CREATURES THE WORLD FORGOT(1971). Hammer films, the company behind ONE MILLION YEARS, B.C. and WHEN DINOSAURS RULED THE EARTH, tries one more time with this flick, but they forgot one thing: the dinosaurs! All you get is a snake. Oh well, Julie Ege make a pretty cave girl, but she is not striking enough to pose a threat to Welch or Vetri.
An attempt at less glamorous portrait of primitive life.QUEST FOR FIRE (1981). A rare attempt to portray a scientifically accurate view of primitive mankind, this film avoids the obvious mistakes (such as dinosaurs co-existing with humans), but the science is still a bit off (the screenplay was based on an outdated book). The story has a tribe losing its sacred flame when it is attacked by a rival group of savages. A trio heads out to recapture the fire. Along the way they encounter a more advanced tribe that has actually learned the secret of making fire (as opposed to just preserving a flame that started naturally). Reduced to its bare bones, the plot is not that different from ONE MLLION YEARS, B.C., but the grungy production values make it all seem much more believable.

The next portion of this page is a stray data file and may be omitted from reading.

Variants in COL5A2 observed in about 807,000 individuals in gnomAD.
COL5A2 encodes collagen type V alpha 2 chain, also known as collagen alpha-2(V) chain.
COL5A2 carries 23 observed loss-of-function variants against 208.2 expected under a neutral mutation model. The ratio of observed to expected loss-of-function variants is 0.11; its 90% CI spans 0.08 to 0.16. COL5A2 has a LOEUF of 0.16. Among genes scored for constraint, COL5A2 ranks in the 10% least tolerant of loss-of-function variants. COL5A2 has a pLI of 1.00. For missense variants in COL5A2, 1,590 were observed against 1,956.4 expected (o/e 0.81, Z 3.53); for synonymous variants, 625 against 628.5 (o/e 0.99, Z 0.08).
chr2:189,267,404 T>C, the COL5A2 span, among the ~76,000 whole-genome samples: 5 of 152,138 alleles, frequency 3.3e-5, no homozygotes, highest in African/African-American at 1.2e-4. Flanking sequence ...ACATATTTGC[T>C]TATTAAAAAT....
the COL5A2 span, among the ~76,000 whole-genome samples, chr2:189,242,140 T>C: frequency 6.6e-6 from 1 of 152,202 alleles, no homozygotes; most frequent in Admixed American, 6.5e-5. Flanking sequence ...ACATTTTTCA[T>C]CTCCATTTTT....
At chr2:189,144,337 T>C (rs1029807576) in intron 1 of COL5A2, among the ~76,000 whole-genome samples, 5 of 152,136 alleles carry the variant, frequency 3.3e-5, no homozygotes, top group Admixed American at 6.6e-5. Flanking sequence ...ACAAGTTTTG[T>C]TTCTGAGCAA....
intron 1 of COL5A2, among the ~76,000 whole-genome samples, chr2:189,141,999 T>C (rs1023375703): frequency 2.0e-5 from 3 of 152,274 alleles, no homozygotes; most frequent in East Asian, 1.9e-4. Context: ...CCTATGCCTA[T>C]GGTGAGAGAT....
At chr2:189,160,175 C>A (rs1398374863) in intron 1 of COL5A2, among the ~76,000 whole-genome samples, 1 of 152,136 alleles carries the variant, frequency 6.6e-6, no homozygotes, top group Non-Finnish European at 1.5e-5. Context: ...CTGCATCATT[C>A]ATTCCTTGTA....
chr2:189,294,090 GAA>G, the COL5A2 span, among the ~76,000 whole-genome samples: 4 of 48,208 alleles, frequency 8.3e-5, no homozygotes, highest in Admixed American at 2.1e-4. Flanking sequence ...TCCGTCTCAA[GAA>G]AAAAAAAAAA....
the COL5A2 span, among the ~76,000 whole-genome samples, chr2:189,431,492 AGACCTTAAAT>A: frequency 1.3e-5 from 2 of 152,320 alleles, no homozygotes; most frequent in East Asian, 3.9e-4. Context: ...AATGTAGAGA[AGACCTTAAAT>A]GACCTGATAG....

CAVEMAN(1981). The lovable Ringo Starr plays the title role in this spoof of prehistoric movies, featuring comic stop-motion dinosaur effects by Dave Allen. The jokes are not great, but the whole thing is so light-hearted and good-natured that it hardly matters. Despite the comic tone, the special effects are very impressive – as technically polished as anything in a serious movie. The highlight has to be the T-Rex; played for laughs here, the predator is decidedly not fearsome, especially when he gets stoned on a mouthful of berries from a very special bush.